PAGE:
Last Friday was the 2 year anniversary of the Deepwater Horizon disaster in the Gulf of Mexico. The ramifications of the vast amount of oil and dispersant polluting the Gulf are still becoming clear, but the problem hasn’t gone away, nor is it likely to.
The New Orleans Times-Picayune rounded up official statements from politicians, scientists, and environmental groups.
Al Jazeera reports on deformities in Gulf seafood:
Gulf of Mexico fishermen, scientists and seafood processors have told Al Jazeera they are finding disturbing numbers of mutated shrimp, crab and fish that they believe are deformed by chemicals released during BP’s 2010 oil disaster.
Along with collapsing fisheries, signs of malignant impact on the regional ecosystem are ominous: horribly mutated shrimp, fish with oozing sores, underdeveloped blue crabs lacking claws, eyeless crabs and shrimp – and interviewees’ fingers point towards BP’s oil pollution disaster as being the cause.
The New York Times ran an angry editorial:
What is missing is the accountability that comes from real consequences: a criminal prosecution that holds responsible the individuals who gambled with the lives of BP’s contractors and the ecosystem of the Gulf of Mexico. Only such an outcome can rebuild trust in an oil industry that asks for the public’s faith so that it can drill more along the nation’s coastlines. And perhaps only such an outcome can keep BP in line and can keep an accident like the Deepwater Horizon disaster from happening again.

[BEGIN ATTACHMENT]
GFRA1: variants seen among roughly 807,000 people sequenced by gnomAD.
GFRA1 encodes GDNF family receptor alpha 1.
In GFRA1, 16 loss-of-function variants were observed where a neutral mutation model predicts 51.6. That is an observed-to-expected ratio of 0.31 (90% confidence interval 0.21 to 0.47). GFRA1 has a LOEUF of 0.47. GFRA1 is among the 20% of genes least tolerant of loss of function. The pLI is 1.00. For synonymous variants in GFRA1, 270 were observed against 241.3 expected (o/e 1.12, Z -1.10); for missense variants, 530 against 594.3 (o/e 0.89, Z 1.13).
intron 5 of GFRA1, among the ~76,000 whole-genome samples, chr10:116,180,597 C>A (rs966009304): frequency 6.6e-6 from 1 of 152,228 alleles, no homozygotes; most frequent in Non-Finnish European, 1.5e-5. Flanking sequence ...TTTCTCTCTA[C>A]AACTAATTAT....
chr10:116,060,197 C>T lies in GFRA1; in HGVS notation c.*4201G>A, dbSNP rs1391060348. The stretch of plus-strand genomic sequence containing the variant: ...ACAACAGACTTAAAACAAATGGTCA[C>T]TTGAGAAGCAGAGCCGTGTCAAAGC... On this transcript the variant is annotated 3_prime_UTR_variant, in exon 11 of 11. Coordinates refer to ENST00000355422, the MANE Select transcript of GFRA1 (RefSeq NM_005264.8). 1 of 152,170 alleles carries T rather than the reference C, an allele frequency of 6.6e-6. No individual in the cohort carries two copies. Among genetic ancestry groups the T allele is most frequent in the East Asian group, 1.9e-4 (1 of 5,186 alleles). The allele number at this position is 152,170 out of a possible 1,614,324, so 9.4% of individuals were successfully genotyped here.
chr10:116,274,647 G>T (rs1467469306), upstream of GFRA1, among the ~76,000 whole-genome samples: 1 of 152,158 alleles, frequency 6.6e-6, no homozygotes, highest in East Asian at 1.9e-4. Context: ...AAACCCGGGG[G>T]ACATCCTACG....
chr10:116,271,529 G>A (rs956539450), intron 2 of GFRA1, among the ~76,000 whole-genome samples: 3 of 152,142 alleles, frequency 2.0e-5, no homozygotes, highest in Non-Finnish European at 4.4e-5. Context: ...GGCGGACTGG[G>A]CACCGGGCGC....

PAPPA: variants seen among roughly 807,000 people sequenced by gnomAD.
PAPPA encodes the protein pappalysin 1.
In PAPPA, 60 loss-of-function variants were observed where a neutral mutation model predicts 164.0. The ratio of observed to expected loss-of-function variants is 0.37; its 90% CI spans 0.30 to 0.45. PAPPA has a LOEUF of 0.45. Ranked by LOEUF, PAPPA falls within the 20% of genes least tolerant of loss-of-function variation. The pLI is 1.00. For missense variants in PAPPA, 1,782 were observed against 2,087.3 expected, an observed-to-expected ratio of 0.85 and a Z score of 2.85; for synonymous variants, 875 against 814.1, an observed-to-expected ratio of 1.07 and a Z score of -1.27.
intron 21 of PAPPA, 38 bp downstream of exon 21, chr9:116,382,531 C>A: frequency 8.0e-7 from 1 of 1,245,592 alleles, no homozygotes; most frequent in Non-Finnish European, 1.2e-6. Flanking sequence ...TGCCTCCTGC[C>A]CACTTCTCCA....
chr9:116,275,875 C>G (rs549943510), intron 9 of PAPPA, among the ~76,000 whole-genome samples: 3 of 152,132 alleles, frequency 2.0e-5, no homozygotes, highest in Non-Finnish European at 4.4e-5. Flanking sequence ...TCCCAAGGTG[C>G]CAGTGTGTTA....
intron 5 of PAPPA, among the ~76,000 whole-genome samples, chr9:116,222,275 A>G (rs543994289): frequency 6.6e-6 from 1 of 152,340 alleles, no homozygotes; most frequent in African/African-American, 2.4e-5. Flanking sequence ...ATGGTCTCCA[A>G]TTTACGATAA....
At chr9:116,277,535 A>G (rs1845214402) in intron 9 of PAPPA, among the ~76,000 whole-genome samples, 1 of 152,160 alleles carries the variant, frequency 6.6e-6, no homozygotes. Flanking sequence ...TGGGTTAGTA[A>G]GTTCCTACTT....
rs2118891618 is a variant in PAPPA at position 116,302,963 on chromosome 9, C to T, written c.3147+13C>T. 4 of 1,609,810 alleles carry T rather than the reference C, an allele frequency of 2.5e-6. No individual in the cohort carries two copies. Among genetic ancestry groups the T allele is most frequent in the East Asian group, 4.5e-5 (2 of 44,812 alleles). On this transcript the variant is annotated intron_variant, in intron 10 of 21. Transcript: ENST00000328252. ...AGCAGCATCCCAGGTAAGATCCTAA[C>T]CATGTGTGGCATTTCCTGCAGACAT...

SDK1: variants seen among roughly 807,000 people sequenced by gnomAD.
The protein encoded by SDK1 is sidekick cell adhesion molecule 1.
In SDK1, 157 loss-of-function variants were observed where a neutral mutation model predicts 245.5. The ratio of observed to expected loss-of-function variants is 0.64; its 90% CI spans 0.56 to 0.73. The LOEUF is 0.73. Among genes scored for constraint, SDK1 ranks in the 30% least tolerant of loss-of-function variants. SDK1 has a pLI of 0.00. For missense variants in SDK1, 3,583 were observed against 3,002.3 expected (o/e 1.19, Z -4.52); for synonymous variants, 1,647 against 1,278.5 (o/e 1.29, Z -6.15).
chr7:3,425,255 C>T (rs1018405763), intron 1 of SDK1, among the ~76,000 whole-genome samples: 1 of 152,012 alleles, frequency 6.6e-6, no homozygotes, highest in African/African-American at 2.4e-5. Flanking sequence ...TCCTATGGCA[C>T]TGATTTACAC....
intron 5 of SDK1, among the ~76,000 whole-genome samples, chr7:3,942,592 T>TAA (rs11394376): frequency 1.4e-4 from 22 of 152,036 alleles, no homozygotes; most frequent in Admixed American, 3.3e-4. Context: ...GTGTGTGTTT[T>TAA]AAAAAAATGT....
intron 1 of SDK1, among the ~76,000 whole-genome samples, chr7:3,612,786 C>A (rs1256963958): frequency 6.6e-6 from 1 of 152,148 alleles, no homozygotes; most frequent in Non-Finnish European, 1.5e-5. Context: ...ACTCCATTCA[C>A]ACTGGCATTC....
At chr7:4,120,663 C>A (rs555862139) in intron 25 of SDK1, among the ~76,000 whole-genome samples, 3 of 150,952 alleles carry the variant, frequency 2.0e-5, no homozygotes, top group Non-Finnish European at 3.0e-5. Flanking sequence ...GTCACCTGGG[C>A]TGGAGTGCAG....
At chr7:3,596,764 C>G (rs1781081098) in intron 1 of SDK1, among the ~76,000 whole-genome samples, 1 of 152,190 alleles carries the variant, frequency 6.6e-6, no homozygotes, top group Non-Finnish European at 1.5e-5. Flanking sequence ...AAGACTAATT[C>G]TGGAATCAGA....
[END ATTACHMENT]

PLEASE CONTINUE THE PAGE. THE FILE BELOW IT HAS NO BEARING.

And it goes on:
E&E Publishing has a laudatory profile of NOAA head Jane Lubcenco and USGS chief Marcia McNutt:
Throughout the spill, the two women played an inside-out game.
Lubchenco was one of the government’s most public faces. She walked Florida, and the world, through the vagaries of the Loop Current. She closed swaths of the ocean to fishing. She confirmed — too slowly for the public’s liking — the existence of deepwater oil. And she led the assessment, still ongoing, of the oil’s long-term damage to the Gulf.
Meanwhile, McNutt was sequestered at BP PLC headquarters in Houston. A three-day stay had migrated into a months-long sojourn. She led assessments of the amount of oil flowing into the ocean. She convened a secretive team of researchers who helped dictate the government’s long-term strategy. And when the time came to seal the well, McNutt helped broker a peace between BP’s engineers and outside scientists.
Only one thing is certain: that scientists need more time to fully understand the impacts of the oil spill. “There’s still a lot we don’t know about how this spill altered the food web of the Gulf of Mexico ecosystem,” says Samantha Joye, who studies marine chemistry and microbes at the University of Georgia. “We’re trying to understand very complicated interactions and feedbacks in a dynamic, constantly-changing system, and it’s going to take time.”
Please post your own links in the comments.
H/T to @oceansresearch for some of the links.